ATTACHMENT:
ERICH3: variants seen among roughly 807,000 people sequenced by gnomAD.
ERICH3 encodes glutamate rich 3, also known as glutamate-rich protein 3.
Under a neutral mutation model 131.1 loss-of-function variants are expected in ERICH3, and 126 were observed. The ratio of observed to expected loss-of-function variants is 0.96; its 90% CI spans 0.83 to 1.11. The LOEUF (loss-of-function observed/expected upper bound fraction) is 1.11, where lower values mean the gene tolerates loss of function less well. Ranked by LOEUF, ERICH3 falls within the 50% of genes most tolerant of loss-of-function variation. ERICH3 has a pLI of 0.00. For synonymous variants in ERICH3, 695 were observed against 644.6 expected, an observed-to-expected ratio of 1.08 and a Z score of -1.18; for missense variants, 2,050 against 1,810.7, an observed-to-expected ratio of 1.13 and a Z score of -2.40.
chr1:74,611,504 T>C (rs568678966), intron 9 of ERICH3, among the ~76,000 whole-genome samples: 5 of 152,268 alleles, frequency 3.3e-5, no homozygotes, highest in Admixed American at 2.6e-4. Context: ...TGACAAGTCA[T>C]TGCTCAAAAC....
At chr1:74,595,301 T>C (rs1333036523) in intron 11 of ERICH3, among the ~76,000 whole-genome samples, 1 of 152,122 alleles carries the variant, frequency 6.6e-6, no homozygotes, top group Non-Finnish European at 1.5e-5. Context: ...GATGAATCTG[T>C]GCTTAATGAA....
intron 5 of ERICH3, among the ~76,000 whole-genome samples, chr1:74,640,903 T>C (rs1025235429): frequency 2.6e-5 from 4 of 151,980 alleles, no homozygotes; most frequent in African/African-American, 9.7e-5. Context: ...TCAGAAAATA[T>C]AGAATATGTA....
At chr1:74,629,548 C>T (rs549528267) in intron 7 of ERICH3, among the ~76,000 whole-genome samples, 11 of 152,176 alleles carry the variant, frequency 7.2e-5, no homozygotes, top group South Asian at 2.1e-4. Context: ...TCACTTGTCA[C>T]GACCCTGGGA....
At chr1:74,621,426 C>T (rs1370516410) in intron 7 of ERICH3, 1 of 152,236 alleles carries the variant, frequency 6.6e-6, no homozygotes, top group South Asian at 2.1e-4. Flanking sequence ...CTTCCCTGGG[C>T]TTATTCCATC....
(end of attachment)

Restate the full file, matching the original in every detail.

ERICH3: variants seen among roughly 807,000 people sequenced by gnomAD.
ERICH3 encodes glutamate rich 3, also known as glutamate-rich protein 3.
Under a neutral mutation model 131.1 loss-of-function variants are expected in ERICH3, and 126 were observed. The ratio of observed to expected loss-of-function variants is 0.96; its 90% CI spans 0.83 to 1.11. The LOEUF (loss-of-function observed/expected upper bound fraction) is 1.11, where lower values mean the gene tolerates loss of function less well. Ranked by LOEUF, ERICH3 falls within the 50% of genes most tolerant of loss-of-function variation. ERICH3 has a pLI of 0.00. For synonymous variants in ERICH3, 695 were observed against 644.6 expected, an observed-to-expected ratio of 1.08 and a Z score of -1.18; for missense variants, 2,050 against 1,810.7, an observed-to-expected ratio of 1.13 and a Z score of -2.40.
chr1:74,611,504 T>C (rs568678966), intron 9 of ERICH3, among the ~76,000 whole-genome samples: 5 of 152,268 alleles, frequency 3.3e-5, no homozygotes, highest in Admixed American at 2.6e-4. Context: ...TGACAAGTCA[T>C]TGCTCAAAAC....
At chr1:74,595,301 T>C (rs1333036523) in intron 11 of ERICH3, among the ~76,000 whole-genome samples, 1 of 152,122 alleles carries the variant, frequency 6.6e-6, no homozygotes, top group Non-Finnish European at 1.5e-5. Context: ...GATGAATCTG[T>C]GCTTAATGAA....
intron 5 of ERICH3, among the ~76,000 whole-genome samples, chr1:74,640,903 T>C (rs1025235429): frequency 2.6e-5 from 4 of 151,980 alleles, no homozygotes; most frequent in African/African-American, 9.7e-5. Context: ...TCAGAAAATA[T>C]AGAATATGTA....
At chr1:74,629,548 C>T (rs549528267) in intron 7 of ERICH3, among the ~76,000 whole-genome samples, 11 of 152,176 alleles carry the variant, frequency 7.2e-5, no homozygotes, top group South Asian at 2.1e-4. Context: ...TCACTTGTCA[C>T]GACCCTGGGA....
At chr1:74,621,426 C>T (rs1370516410) in intron 7 of ERICH3, 1 of 152,236 alleles carries the variant, frequency 6.6e-6, no homozygotes, top group South Asian at 2.1e-4. Flanking sequence ...CTTCCCTGGG[C>T]TTATTCCATC....